Elise Kirk studied documentary film at Columbia College Chicago (BA ’00), investigated representations of the family in Spanish cinema on a Fulbright grant in Madrid (’01), and completed her MFA in photography at Rhode Island School of Design (’15). She is from the Midwest, though she can’t quite tell you what qualities make her a Midwesterner, or even where the borders of the Midwest lie. Elise is fascinated with familial relationships (both inherited and constructed), mythologies of place, and the impermanence of all of the above.
I come from the middle of the country, down my own inner road between two households, where I grew up surrounded by a groundedness I couldn’t quite touch.
Now I lap the nation in pursuit of an unreachable landing pad, and the middle stays with me like an anchor — a secure attachment to a Midwest myth of agrarian rootedness. Yet in my travels I encounter a different view of the region. For many, the middle states are no potential rooting ground but a place to be passed through on the way to another in our restless search for greatness.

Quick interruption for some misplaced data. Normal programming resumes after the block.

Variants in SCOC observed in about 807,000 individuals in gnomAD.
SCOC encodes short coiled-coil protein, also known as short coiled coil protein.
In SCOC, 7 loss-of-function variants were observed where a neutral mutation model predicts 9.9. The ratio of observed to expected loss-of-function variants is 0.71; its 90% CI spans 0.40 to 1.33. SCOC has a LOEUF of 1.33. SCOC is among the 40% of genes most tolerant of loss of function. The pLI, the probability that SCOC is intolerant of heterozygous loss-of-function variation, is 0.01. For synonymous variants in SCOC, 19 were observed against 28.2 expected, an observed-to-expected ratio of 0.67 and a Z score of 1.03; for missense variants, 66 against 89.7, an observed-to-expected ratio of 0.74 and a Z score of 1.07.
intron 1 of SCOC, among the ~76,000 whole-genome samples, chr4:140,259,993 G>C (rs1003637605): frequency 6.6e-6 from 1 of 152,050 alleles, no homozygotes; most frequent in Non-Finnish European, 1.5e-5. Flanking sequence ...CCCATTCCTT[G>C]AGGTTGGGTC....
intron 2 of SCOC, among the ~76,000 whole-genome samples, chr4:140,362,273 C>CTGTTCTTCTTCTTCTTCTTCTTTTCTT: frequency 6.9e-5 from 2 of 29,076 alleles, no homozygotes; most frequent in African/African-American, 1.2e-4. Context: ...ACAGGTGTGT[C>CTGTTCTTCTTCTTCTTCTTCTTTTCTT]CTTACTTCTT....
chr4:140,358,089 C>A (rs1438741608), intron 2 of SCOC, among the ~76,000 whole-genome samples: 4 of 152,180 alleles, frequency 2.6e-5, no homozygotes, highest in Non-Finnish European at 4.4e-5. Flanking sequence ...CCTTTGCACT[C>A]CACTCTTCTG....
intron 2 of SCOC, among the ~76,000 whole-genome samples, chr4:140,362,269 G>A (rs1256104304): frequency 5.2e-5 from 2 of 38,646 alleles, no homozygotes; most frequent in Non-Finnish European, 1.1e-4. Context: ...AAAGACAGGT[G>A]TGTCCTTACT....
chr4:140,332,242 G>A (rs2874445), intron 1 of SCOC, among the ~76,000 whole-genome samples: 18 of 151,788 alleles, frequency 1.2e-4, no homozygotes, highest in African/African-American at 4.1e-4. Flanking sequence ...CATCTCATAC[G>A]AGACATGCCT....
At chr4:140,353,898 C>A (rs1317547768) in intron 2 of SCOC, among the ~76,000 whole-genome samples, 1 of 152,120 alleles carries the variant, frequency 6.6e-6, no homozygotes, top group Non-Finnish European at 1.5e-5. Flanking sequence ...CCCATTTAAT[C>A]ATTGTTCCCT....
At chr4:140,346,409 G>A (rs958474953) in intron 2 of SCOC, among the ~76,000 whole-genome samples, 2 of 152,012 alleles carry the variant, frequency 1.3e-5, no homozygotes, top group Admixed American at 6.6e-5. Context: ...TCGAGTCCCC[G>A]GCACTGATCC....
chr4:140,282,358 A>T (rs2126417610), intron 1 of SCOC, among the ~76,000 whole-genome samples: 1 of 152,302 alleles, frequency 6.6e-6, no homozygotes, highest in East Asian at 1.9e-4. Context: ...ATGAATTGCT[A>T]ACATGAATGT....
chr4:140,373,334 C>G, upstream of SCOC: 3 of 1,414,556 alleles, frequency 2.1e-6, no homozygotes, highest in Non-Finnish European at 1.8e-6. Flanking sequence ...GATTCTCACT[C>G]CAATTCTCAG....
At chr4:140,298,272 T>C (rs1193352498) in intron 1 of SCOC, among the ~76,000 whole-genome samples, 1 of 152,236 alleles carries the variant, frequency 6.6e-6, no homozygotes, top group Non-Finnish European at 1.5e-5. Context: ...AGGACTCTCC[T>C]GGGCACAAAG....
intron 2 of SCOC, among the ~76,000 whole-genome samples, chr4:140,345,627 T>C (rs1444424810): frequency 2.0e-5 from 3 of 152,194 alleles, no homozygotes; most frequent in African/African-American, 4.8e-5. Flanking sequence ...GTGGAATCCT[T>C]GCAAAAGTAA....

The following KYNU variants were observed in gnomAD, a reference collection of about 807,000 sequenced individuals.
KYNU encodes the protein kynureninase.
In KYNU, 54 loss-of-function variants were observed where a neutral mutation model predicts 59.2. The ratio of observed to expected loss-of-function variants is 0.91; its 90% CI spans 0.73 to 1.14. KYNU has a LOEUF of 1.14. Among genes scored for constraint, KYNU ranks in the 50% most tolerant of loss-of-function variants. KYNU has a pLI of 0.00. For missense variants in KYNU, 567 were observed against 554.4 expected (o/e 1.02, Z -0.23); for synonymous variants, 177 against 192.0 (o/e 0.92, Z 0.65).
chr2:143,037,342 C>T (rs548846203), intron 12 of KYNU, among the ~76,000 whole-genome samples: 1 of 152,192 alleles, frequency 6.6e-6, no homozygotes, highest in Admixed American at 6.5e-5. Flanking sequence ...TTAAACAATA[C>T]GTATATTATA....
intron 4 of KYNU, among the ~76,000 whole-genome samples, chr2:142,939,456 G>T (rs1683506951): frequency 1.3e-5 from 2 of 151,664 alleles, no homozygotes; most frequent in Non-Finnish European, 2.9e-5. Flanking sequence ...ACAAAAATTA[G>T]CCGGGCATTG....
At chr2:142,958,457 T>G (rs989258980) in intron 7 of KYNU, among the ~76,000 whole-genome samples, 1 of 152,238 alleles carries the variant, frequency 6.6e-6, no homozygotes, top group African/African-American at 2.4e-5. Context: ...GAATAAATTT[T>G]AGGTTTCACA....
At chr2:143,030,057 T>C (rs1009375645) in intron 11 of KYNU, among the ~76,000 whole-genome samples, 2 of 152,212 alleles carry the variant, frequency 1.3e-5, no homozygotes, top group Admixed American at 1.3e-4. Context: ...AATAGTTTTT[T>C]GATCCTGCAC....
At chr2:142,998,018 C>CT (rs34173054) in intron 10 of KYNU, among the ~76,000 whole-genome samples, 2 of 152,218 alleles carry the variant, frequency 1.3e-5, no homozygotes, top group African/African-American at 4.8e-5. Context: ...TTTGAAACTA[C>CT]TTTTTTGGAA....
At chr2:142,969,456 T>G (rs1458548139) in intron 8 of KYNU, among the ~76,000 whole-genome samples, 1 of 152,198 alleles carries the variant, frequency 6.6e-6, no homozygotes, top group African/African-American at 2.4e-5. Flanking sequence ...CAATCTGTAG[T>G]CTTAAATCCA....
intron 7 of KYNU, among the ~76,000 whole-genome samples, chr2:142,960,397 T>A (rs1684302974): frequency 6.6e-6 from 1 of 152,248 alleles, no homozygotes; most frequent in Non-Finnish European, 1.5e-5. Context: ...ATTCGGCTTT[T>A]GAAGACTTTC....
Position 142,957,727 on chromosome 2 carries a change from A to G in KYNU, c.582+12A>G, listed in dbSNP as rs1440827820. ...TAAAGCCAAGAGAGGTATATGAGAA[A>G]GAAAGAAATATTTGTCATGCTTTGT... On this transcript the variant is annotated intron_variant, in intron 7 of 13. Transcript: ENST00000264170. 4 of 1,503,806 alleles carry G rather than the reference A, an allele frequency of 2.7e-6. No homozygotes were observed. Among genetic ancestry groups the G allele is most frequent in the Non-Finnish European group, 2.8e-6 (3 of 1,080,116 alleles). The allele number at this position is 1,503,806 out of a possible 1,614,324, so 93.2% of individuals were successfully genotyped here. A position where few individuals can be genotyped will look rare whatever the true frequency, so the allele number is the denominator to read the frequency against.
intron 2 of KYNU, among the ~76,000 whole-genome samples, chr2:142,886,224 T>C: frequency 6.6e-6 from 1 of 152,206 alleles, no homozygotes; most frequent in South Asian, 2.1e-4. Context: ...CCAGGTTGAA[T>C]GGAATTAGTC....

Mid— resides in this intersection: between pulling up stakes and putting down roots, between desire and hesitation, movement and stasis. Here, interstate highways speed travelers and truckers past the homesteads and farm towns that have sustained kinships for time immemorial. A billboard alongside this interior stretch cries for the passerby’s attention. It’s more than an exit. It’s a trip
To view more of Elise Kirk’s work, please visit her website.